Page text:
Self Limitation: Why Failure Isnt Always Acceptable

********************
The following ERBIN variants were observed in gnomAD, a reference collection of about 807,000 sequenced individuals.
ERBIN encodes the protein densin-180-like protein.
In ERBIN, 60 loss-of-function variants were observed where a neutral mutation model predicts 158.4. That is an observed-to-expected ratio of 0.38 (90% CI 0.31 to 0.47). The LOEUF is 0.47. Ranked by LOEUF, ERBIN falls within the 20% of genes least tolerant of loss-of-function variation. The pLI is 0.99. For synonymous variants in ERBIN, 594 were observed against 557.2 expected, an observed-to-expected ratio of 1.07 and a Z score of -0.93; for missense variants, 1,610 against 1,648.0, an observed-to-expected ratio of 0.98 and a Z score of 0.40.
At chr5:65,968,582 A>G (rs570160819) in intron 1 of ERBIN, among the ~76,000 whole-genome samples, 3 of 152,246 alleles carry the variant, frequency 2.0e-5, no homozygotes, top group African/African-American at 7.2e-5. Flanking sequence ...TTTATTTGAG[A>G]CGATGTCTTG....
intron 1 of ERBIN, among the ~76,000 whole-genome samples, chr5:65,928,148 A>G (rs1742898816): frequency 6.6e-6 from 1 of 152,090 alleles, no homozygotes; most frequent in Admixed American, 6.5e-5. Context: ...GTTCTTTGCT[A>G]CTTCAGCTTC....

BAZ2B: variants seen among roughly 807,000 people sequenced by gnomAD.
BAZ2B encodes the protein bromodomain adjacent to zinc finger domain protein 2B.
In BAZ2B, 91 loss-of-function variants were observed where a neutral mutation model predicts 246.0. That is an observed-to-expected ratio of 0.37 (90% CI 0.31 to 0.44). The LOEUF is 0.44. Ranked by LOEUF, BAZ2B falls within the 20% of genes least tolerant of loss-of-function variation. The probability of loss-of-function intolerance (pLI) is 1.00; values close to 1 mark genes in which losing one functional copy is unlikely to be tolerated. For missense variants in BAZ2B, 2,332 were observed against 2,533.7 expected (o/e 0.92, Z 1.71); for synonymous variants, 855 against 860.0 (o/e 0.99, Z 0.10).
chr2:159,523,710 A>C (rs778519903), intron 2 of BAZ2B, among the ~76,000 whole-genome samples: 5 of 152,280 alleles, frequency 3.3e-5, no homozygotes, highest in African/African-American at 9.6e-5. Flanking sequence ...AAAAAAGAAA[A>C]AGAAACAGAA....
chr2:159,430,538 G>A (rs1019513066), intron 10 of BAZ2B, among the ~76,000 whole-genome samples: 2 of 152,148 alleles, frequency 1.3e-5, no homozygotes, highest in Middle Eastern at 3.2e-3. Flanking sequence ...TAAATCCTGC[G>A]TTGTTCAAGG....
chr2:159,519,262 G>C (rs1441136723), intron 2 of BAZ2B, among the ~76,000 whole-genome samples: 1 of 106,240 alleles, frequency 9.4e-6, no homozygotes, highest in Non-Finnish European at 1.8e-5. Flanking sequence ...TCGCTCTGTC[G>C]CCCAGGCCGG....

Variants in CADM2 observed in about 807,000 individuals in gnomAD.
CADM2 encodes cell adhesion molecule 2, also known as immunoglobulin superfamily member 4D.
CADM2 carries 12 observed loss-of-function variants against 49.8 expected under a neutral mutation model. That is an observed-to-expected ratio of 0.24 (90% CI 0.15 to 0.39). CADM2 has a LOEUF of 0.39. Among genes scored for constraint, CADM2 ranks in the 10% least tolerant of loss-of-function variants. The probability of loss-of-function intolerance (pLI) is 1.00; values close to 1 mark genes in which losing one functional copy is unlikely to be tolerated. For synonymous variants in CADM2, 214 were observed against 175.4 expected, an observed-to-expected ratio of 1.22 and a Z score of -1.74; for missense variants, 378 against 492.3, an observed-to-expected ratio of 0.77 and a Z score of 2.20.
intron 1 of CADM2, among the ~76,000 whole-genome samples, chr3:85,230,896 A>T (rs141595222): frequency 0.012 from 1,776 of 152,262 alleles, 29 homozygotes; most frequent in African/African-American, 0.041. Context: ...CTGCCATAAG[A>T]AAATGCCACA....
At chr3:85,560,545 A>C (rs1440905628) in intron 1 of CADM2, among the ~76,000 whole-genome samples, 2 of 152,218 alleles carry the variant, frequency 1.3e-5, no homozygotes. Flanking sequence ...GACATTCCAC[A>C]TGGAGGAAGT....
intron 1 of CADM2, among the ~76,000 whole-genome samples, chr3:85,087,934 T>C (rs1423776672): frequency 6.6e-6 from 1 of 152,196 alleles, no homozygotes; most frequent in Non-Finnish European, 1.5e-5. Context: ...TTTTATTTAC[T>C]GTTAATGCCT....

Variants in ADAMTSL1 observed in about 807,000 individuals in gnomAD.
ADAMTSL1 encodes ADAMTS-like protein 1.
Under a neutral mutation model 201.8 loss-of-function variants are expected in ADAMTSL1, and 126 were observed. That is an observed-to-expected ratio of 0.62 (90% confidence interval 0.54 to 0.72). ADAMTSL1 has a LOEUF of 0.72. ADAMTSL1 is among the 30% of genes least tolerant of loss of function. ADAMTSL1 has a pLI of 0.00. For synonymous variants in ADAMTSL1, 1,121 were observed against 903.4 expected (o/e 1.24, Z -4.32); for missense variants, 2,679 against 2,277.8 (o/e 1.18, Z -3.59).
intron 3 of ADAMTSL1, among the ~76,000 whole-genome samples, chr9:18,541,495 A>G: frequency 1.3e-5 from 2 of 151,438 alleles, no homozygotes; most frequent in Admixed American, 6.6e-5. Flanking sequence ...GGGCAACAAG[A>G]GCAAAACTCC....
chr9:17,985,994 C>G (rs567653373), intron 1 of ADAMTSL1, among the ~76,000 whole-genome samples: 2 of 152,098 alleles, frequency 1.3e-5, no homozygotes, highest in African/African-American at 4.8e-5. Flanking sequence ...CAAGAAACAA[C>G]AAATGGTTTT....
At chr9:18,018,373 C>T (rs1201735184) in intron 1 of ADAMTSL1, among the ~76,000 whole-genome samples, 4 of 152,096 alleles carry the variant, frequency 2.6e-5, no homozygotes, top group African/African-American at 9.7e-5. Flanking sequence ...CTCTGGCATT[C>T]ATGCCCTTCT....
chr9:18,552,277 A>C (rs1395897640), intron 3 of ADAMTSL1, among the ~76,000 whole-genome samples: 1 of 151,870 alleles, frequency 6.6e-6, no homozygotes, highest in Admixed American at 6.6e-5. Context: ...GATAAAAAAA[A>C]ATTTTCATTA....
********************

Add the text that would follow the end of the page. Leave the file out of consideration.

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Self Limitation: Why Failure Isn’t Always Acceptable The beliefs a person has make up who they are and who they will become. The stronger those beliefs, the less they will change, and the more evidence there is to support them. An example of this evidence is the positive, or negative, feedback a person receives after attempting something new. Every day, people say the word “can’t” many times and the more they say it, the more they believe it. The word “can’t” is a limitation word. It convinces the person that it is impossible for something to happen, for them to complete a task, or learn a new skill and, therefore, halts their progress. Self-limiting beliefs are those things people believe about themselves that place limitations on their abilities and are often the cause of slowed advancement in their personal lives. Limitations are actually a thing of the mind; in reality, there is no such thing. When learning a new skill, people will first fail many times before doing it correctly. Theoretically, each time they attempt the skill, they will improve. When this theory is correct, they person notes that small improvement and works hard to perfect it and take it even further. But what happens when they do not improve of the course of three or four times? People will convince themselves, after a certain amount of failed trials, that they are not able to achieve the skill, that it is impossible for them. Whatever one believes becomes one’s reality. People do not necessarily believe what they see; rather they see what they already believe. Because of this, a person who experiences multiple failures while attempting something will become discouraged and begin to doubt themselves. Then, they will believe that the task is indeed unmanageable for them and they will give up. However, there are many concepts that could play into the person’s failure. Perhaps they just need

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